“Face It”: Comic Book Iconography Meets the Expressions of Beautiful Women

Artsy Editorial
Jul 18, 2014 8:57PM

Some of the most iconic works in art history—Mona Lisa, Girl with a Pearl Earring, and Manet’s Olympia, to name a few—have proven the compelling potential of facial expressions in art. The range of human emotions communicated by the face is the subject of “Face It,” the latest exhibition from Portuguese artist Luis Bivar, at Asbury Park, New Jersey, at gallery Exhibit No. 9.

In his large-scale mixed media works, Bivar focuses on the female face, filling his canvases with beautiful, model-like visages captured in different expressions. “As an observer, every woman tells a tale; a fantasy that may be reinvented by the spectator that does not necessarily meet my personal experiences,” Bivar has said of his muses. “Emotions are rare these days in the cold grey era we are living and this collection is a call to face your emotions now.”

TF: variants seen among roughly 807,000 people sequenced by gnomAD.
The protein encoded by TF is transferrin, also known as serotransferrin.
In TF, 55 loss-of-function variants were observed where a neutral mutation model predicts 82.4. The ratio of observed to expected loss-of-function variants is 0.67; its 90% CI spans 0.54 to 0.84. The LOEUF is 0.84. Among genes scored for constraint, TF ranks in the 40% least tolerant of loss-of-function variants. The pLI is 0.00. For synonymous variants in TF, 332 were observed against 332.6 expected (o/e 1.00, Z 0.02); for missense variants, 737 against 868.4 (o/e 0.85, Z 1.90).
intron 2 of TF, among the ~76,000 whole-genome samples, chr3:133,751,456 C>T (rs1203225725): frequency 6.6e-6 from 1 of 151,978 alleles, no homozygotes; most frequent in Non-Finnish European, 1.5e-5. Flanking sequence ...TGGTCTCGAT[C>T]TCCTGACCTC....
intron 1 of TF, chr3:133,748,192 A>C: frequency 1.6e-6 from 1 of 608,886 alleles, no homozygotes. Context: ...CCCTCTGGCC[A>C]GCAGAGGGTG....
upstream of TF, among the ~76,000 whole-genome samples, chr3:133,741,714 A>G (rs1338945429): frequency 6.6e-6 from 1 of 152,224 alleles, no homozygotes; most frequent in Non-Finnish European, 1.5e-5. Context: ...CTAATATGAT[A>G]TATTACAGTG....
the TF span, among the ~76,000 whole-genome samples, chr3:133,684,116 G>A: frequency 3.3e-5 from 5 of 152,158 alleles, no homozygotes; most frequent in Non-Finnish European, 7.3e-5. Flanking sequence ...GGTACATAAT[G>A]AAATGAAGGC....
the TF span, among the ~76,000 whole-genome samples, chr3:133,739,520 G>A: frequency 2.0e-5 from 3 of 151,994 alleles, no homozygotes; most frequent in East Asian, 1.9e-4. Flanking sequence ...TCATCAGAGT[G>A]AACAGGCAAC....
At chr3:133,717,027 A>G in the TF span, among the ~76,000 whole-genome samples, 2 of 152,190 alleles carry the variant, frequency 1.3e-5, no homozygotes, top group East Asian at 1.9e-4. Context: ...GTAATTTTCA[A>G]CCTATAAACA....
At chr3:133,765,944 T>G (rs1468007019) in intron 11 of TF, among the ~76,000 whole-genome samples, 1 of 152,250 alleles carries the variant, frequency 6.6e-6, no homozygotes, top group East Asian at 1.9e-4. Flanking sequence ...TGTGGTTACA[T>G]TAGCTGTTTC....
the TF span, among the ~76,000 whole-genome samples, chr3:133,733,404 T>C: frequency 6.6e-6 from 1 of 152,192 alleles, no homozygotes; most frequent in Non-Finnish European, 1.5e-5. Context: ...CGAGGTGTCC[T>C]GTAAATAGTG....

In the work, Bivar creates hyperrealistic portraits in a pared-down, primary color palette that recalls the work of Pop Art legend Roy Lichtenstein. And like Lichtenstein, this Contemporary Pop artist incorporates comic book iconography into his work—quite literally. Bivar uses collages of Marvel comics to add depth and interest—entire universes of imagery and meaning—to his work, intentionally allowing the artist’s hand to show in false starts and imperfections. In this series he consciously covers only the eyes and mouths, in his words: “two important elements that define the human expression.”

Heather Corcoran

Face It” is on view at Exhibit No. 9, Asbury Park, NJ, June 28 – July 26, 2014.  

Follow Exhibit No. 9 on Artsy.

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